The Bill introduces another criminal liability to promote corporate accountability and responsible governance to prevent business end-user piracy.  We propose that, if a company has done an act attracting business end-user criminal liability, the directors/ partners responsible for the internal management of the company will also be liable unless they prove that they have not authorised the infringing act.  If there is no such director or partner, the person responsible for the internal management of the company under the immediate authority of the directors or partners would be liable.

     When we consulted various organisations and the Panel on Commerce and Industry of the Legislative Council on the preliminary idea of this proposed offence, there were concerns that shifting the burden of proof to the defendant would be too onerous.  I wish to emphasise that the burden of proof on the defendant is only an evidential burden and the defendant will absolve his liability if he can adduce sufficient evidence to raise an issue that he did not authorise the infringing act in question.  To provide directors and partners with clearer guidelines on the type of evidence that the defendant may adduce, we have included in the Bill certain factors that the court may consider (e.g. whether the defendant has introduced policies or practices against the use of infringing copies) in determining whether the defendant has adduced sufficient evidence.

     There are also views that it is very difficult for employees to refuse to engage in infringing acts upon request by their employers.  In response to these concerns, we propose to introduce a new employee defence in respect of "business end-user criminal liability".  However, the defence provision will not apply to those employees who are in a position to make or influence a decision regarding the infringing act.

     We have also taken into account that some professionals (such as lawyers and auditors) may be required to possess or use infringing copies in the course of their normal business.  The Bill provides for the exemption of these professionals from "business end-user criminal liability" under specified circumstances.

     Another major amendment proposal to enhance copyright protection seeks to reflect the development of digital technology.  As it has become increasingly common for copyright owners to store and distribute their copyright works in digital means, more and more of them use technological measures to prevent infringement, for example, by encrypting their works or using special chips to prevent unauthorised digital copying.  The Bill introduces civil and criminal provisions against circumvention of these technological measures which are used to protect copyright works.  However, in formulating these proposals, we need to take into account that such protection should not affect users' legitimate access to copyright works, including legitimate parallel imports, and that it should not hinder technological development.  Therefore we have included appropriate exemptions in the Bill.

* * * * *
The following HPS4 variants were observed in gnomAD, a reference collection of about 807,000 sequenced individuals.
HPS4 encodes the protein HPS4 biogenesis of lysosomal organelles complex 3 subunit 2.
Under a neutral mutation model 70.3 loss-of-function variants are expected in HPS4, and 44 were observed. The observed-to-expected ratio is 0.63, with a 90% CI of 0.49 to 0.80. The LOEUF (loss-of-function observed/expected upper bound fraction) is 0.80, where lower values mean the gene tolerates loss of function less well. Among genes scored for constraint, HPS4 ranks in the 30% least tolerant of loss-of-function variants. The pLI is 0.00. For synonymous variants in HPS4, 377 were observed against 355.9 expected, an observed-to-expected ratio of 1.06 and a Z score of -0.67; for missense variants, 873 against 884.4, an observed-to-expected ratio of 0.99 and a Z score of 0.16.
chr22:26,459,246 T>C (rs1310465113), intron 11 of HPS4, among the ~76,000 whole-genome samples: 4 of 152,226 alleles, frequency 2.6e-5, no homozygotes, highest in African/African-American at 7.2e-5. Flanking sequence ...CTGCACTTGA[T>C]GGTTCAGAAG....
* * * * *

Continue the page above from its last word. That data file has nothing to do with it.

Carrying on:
Commercial rental of films and comic books is now very common.  To strengthen protection for copyright owners, we propose the introduction of rental rights for films and comic books, so that the copyright owners concerned may take civil action against unauthorised rental activities.  It is certainly not our intention to stifle the operation and development of the film and comic book rental shops.  We will encourage copyright owners to develop reasonable and user-friendly licensing schemes and adopt a one-stop shop approach as far as possible to handle rental licence applications.  In addition, there is a saving provision in the Bill so that the proposed rental rights will not apply to the existing stocks of the rental shops.  The Bill also proposes to expand the jurisdiction of the Copyright Tribunal to cover licensing schemes regarding renting of copies of films and comic books to the public.  This will enable rental shop operators to refer to the Copyright Tribunal any disputes over the terms of rental licensing schemes.

Copyright Exemptions

     With all the reforms and changes going on in the education sector, school teaching is no longer confined to classroom instruction.  Interactive and project-based teaching, as well as other teaching methods, are also adopted.  Our copyright exemption provisions for education purposes should reflect these changes to allow reasonable use of copyright works by the education sector.  Likewise, public administration has become increasingly complex, and the public expect a timely response from the Government and the Legislative Council when dealing with urgent business.  Hence, the exemption provisions for public administration purposes should reflect such changes.

     Under the existing Copyright Ordinance, acts which are exempted from copyright restrictions ("permitted acts") are listed out item by item.  This approach is rather rigid and cannot easily cater for social changes.  The Bill introduces a general exemption provision for reasonable use of copyright works for the purpose of education and for public administration of urgent business (i.e. the concept of "fair dealing").  The Bill also proposes to make improvements to certain existing permitted acts for education.